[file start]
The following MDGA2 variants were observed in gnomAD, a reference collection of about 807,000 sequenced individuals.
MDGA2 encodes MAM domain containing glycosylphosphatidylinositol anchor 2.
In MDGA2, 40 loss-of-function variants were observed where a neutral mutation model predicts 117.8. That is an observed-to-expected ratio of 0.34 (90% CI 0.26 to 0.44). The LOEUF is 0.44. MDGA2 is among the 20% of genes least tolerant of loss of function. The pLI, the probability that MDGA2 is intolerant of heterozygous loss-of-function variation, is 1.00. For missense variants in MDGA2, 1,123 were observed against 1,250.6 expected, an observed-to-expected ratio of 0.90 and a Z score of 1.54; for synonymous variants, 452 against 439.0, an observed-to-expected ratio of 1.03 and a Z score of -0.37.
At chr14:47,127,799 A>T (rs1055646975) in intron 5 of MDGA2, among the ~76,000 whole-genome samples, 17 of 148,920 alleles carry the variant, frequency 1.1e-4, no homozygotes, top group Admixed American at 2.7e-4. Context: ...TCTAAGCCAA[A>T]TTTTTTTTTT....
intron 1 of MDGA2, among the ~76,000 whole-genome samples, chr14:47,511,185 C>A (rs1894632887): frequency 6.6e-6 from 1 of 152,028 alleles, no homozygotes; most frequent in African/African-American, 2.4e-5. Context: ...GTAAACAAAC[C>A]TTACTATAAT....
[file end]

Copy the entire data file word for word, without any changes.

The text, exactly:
The following MDGA2 variants were observed in gnomAD, a reference collection of about 807,000 sequenced individuals.
MDGA2 encodes MAM domain containing glycosylphosphatidylinositol anchor 2.
In MDGA2, 40 loss-of-function variants were observed where a neutral mutation model predicts 117.8. That is an observed-to-expected ratio of 0.34 (90% CI 0.26 to 0.44). The LOEUF is 0.44. MDGA2 is among the 20% of genes least tolerant of loss of function. The pLI, the probability that MDGA2 is intolerant of heterozygous loss-of-function variation, is 1.00. For missense variants in MDGA2, 1,123 were observed against 1,250.6 expected, an observed-to-expected ratio of 0.90 and a Z score of 1.54; for synonymous variants, 452 against 439.0, an observed-to-expected ratio of 1.03 and a Z score of -0.37.
At chr14:47,127,799 A>T (rs1055646975) in intron 5 of MDGA2, among the ~76,000 whole-genome samples, 17 of 148,920 alleles carry the variant, frequency 1.1e-4, no homozygotes, top group Admixed American at 2.7e-4. Context: ...TCTAAGCCAA[A>T]TTTTTTTTTT....
intron 1 of MDGA2, among the ~76,000 whole-genome samples, chr14:47,511,185 C>A (rs1894632887): frequency 6.6e-6 from 1 of 152,028 alleles, no homozygotes; most frequent in African/African-American, 2.4e-5. Context: ...GTAAACAAAC[C>A]TTACTATAAT....